ack in 1983, Metallica made the first of many mistakes over their long and commercially successful career – they kicked Dave Mustaine out of the band and replaced him with Wah-Pedal player, Kirk Hammett.
Without going too much into the history of Megadeth, the feud between Dave and Metallica or other issues, you only have to compare the band’s latest releases. Work rate-wise, Megadeth has been consistent – touring and releasing albums every couple of years (some classics, some under-rated and often overlooked gems, and some downright atrocious), but they have always kept the same theme – technically sound and precise, full-on thrash and speed metal brilliance. Metallica… well, they stopped being a thrash band when they released their eponymous effort (a.k.a The Black Album) and have gone on to be massively disappointing since their live release S&M back at the start of the millennium.
Bickering/baiting/personal opinions aside, the fact remains that Megadeth still ply their trade as a hugely successful thrash band who have had a re-awakening of sorts with their career which kicked off with The System Has Failed back in 2004 and has had one or two dips (We won’t talk about Super Collider!). With the anticipation building up around this release, could this be a modern day classic for the veterans of the Bay Area Thrash Scene? As Dave Mustaine said in an interview recently:
“As bittersweet as this is, heavy metal music is really popular and successful when the world is under a lot of stress and when society starts to eat itself”.
Look back over any Megadeth album in their career and the lyrical themes have always been the same – politics, socio-economic climates, drugs, war, relationships, conspiracy theories and religion (well, back in the day it was!) and Dystopia is no different. The themes are the same, the climate of the world today simply crafts the lyrics for Mustaine who admits that he prefers to write about current affairs as opposed to mythological and fantasy styled things. With the growing rise of extremism, intolerance, bigotry, political and financial corruption in headlines across the globe, Dave has had a rich pool to draw inspiration from.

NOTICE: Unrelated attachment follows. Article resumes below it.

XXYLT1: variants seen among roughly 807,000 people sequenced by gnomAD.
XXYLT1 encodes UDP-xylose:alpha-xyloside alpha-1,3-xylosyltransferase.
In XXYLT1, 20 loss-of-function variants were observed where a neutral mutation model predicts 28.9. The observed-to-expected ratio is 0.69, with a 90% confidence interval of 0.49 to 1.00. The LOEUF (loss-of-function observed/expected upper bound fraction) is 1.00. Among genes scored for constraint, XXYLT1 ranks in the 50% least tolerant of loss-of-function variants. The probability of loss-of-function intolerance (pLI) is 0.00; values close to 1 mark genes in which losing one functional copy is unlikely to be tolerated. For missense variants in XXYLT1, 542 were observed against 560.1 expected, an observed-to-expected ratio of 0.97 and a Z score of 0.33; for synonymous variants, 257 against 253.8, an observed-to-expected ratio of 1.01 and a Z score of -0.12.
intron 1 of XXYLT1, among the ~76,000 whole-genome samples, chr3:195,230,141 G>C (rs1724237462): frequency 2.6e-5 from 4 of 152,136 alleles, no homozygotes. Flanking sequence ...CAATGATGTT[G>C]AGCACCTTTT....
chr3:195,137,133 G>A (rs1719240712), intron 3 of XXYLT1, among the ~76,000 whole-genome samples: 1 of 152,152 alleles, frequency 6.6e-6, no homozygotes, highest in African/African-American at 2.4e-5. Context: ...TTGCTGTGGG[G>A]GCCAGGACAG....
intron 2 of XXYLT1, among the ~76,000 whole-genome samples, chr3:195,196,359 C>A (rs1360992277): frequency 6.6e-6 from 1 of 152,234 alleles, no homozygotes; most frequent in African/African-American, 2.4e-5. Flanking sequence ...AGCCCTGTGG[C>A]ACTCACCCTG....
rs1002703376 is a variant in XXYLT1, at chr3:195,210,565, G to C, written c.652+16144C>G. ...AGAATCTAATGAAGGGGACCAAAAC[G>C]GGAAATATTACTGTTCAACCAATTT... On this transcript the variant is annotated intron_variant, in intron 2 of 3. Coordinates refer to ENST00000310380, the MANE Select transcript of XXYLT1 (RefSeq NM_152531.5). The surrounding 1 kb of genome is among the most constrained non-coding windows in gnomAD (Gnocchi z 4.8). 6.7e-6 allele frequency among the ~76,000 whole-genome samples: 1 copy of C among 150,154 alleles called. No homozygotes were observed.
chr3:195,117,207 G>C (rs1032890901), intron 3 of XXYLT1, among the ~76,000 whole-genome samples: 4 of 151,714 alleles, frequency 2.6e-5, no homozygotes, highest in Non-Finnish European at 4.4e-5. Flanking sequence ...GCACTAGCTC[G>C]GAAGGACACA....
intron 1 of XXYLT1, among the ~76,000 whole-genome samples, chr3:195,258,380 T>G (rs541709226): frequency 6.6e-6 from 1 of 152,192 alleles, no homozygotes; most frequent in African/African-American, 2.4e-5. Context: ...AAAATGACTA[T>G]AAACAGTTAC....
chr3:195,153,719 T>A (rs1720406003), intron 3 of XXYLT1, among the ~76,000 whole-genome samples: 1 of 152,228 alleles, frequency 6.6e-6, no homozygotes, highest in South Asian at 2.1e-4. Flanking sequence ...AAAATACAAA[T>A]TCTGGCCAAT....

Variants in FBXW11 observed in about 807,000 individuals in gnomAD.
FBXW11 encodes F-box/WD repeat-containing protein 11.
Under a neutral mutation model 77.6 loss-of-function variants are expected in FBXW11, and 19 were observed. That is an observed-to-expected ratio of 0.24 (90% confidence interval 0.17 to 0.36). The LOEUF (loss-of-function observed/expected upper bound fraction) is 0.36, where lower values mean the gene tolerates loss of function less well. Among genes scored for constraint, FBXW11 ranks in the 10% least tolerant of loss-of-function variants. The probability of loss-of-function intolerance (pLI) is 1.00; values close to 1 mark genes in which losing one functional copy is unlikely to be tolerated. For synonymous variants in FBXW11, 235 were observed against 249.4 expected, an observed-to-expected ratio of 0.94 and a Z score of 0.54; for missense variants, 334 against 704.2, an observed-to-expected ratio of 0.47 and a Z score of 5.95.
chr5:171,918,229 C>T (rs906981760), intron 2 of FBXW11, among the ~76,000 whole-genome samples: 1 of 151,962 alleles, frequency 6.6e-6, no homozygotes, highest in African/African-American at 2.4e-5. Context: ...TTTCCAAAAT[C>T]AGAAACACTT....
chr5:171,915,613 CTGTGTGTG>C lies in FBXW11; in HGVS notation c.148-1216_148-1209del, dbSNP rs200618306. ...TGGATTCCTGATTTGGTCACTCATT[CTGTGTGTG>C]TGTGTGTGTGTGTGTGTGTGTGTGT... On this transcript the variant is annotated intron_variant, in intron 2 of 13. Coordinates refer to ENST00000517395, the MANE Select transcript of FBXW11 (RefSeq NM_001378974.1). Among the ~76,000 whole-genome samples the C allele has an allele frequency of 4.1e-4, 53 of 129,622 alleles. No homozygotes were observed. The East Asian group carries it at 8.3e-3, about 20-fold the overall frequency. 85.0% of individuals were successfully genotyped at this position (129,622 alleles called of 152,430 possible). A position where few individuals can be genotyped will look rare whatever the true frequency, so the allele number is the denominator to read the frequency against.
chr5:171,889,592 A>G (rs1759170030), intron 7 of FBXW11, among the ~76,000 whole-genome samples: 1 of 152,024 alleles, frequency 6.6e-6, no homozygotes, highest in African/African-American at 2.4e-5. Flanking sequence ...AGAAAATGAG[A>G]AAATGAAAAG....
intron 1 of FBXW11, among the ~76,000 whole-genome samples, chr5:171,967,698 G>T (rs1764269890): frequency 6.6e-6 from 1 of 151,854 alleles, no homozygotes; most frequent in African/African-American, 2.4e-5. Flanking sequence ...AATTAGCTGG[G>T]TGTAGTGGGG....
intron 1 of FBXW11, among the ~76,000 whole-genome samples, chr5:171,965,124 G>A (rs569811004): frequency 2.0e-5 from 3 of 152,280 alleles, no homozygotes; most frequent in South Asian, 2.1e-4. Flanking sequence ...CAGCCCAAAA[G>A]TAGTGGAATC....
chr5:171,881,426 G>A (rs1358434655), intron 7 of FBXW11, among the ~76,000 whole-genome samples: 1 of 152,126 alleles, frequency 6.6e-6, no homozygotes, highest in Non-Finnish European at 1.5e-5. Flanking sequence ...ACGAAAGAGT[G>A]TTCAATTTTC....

Musically, the Mustaine and Ellefson tandem is something we are all familiar with, but what can new recruits Chris Adler (Lamb of God, Drums) and Kiko Loureiro (Angra, Guitars, Piano) offer, along with guest appearances from country guitarist Steve Wariner (Slide Guitar) and Ronn Huff (Orchestral arrangements)?
Needless to say, the anticipation for this release has been huge, especially given the lack of a studio release again from Metallica and the first Slayer Album without the ‘heart and soul’ of the band (Hanneman and Lombardo) was pretty divisive amongst fans and critics. So the spotlight is on Dystopia to set the standard for Thrash in 2016. How will it fare?
Opening up with an atmospheric and ominous sounding vocal sample, “The Threat Is Real” launches us headfirst into a classic thrash assault. The punishing, intricate and rapidly executed precise rhythm, backed up with a simple and melodic lead, grabs the attention and works well as an intro before kicking us into the verse. The heavy chugging guitars with the venomous lyrics delivered in that signature Mustaine snarl really click and get the mind working. Lyrically, this track tackles what many people believe to be a growing concern and xenophobic, warmongering rhetoric about the threat of terrorists coming into countries and causing havoc.